About four years ago, several Altoona residents decided it was time to bring back a community festival that catered to local families. Since then Altoona Palooza has grown and evolved to the massive event which will take place, rain or shine, 7 a.m. to midnight on Aug. 25 at Sam Wise Youth Complex, 1000 Eighth St. SE.
One of the original members of the event planning board, Adam McRoberts, says he remembers going to events in Altoona with his parents as a child and wanted to bring the tradition back for his kids.
“It seemed like we were always going to Ankeny or Pleasant Hill for events,” he says of his family and the others who started Altoona Palooza. “We all had the same feeling that we wanted something local.”
The group spent a year planning the first event, which took place in 2010. More than 4,000 people attended, making it a huge success. It was also a trial and error event for the coordinators, giving them ideas on what did and didn’t work as they began planning the next year’s festival.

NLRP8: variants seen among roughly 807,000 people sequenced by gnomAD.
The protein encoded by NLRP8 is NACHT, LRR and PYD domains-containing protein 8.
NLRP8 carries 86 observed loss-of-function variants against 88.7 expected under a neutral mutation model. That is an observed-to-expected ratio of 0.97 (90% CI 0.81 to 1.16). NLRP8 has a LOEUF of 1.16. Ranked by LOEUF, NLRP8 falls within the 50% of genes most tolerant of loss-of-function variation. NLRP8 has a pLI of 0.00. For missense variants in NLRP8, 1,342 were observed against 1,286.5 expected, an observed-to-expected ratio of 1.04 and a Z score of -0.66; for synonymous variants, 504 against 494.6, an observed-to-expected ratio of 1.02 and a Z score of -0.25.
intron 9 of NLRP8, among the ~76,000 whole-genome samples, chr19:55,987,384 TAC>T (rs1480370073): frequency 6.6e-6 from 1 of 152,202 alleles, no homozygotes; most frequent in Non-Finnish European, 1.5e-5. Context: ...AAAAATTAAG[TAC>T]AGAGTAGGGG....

McRoberts says they learned several vital lessons after the first year: they hadn’t provided enough power for all the vendors and bands; there was too much down time between main events, which caused the crowds to ebb and flow instead of remain a constant throughout the day; and they needed more food and beverages for the large crowd.
“We figured it out as we went. You throw it in the air and see where it all lands,” McRoberts says. “It was pretty tough the first year.”
With those lessons learned, another approach to the event was attempted last year when the group scheduled the fest over two days, bands Friday evening and family events on Saturday. It seemed like a great idea. However, Julie West, the group’s marketing and communications guru, says they realized families were obligated to attend other events.